Racism from the Church’s Perspective
This racism is rooted in our blood, us weak humans, but those who believe in Christ reject it and fight it with the word of the Gospel: "Love your enemies, bless those who curse you and pray for those who persecute you" (Matthew 5:44).
“Our life is hidden with Christ in God” (Colossians 3:3)
Christ God came, suffered, was crucified and rose from the dead: all this for the salvation of the world, for the sake of every person.
Therefore, there is no place for nationalism or for sectarianism… Every person is meaningful before God, whether he knows God or does not know Him, whatever his nationality, race or religion. The Holy Bible affirms the dignity of every person created in the image of God. It is true that the Jews were known as God’s chosen people. This was only a historical stage when God used them as a means to come in the body and to make every nation that believes in Him His own nation. Therefore, the Apostle Paul says, “There is neither Jew nor Greek, there is neither slave nor free, there is neither male nor female; for you are all one in Christ Jesus” (Galatians 3:28).
Indeed, Christ – whether a person knows Him and believes in Him or does not know Him and believe in Him– is sown in the heart in every human and even traced upon every human face.
In his Spiritual Instructions, Saint Dorotheus says,
“Suppose a circle whose center is God and whose rays are different paths. Every person of the created world walks along one of the rays toward the center, where Christ God is (whether the person realizes it or not). He approaches his brother walking along a different ray toward God, the center itself. The more they distance themselves from one another, the more they distance themselves from God.”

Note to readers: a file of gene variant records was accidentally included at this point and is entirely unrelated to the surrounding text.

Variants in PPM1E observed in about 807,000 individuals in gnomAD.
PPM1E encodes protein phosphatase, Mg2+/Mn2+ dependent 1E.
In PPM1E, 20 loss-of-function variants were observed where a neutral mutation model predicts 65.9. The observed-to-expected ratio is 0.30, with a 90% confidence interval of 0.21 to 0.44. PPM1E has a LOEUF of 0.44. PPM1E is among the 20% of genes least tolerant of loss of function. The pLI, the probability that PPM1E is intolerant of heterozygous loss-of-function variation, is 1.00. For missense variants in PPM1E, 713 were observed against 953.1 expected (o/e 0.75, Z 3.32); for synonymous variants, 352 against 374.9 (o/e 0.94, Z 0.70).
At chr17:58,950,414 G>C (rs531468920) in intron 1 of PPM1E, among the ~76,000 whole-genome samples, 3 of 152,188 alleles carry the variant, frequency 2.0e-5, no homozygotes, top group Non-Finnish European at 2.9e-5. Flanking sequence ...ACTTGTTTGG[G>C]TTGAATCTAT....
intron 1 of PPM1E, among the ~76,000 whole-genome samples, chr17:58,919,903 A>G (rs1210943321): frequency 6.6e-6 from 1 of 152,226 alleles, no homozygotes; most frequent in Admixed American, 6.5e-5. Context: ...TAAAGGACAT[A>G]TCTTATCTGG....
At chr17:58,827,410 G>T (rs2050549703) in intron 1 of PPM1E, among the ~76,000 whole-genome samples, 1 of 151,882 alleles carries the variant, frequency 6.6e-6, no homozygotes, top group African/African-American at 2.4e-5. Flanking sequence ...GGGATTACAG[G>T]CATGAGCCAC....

Racist behavior has been rooted in the reality of sin since the beginning of humanity. A saying known among the Greeks is “he who is not a Greek is a barbarian”. This racism is rooted in our blood, us weak humans, but those who believe in Christ reject it and fight it with the word of the Gospel: “Love your enemies, bless those who curse you and pray for those who persecute you” (Matthew 5:44).
“All the seed of Adam is intended for salvation, having been renewed in Christ,” according to Saint Irenaeus. People saw in the early Christians a “third race”, as Tertullian put it, in the spiritual sense. That is, a “new people” in whom the two races, Jews and pagans, meet. Therefore, Christianity rejects every form of racism or religious discrimination. My neighbor is not only the person from my tribe, my neighborhood or my religion. Rather, he is every person that I meet along my way. Therefore we must respect strangers and accept dialogue, participation and cooperation with other ethnicities.
Europe attempted to renounce such distinctions after the French Revolution through embracing secularism but it deviated from the right path by renouncing at the same time all divine, religious values. Christ participated in the salvation of all outcasts, such as the Samaritans and pagans like the Canaanite woman, and so we must emulate Him. Schools have a prominent role in working to acquire a conscience that is not racist, through education that focuses on what is common to all people and that that which is unique about the other can be a source of richness for us.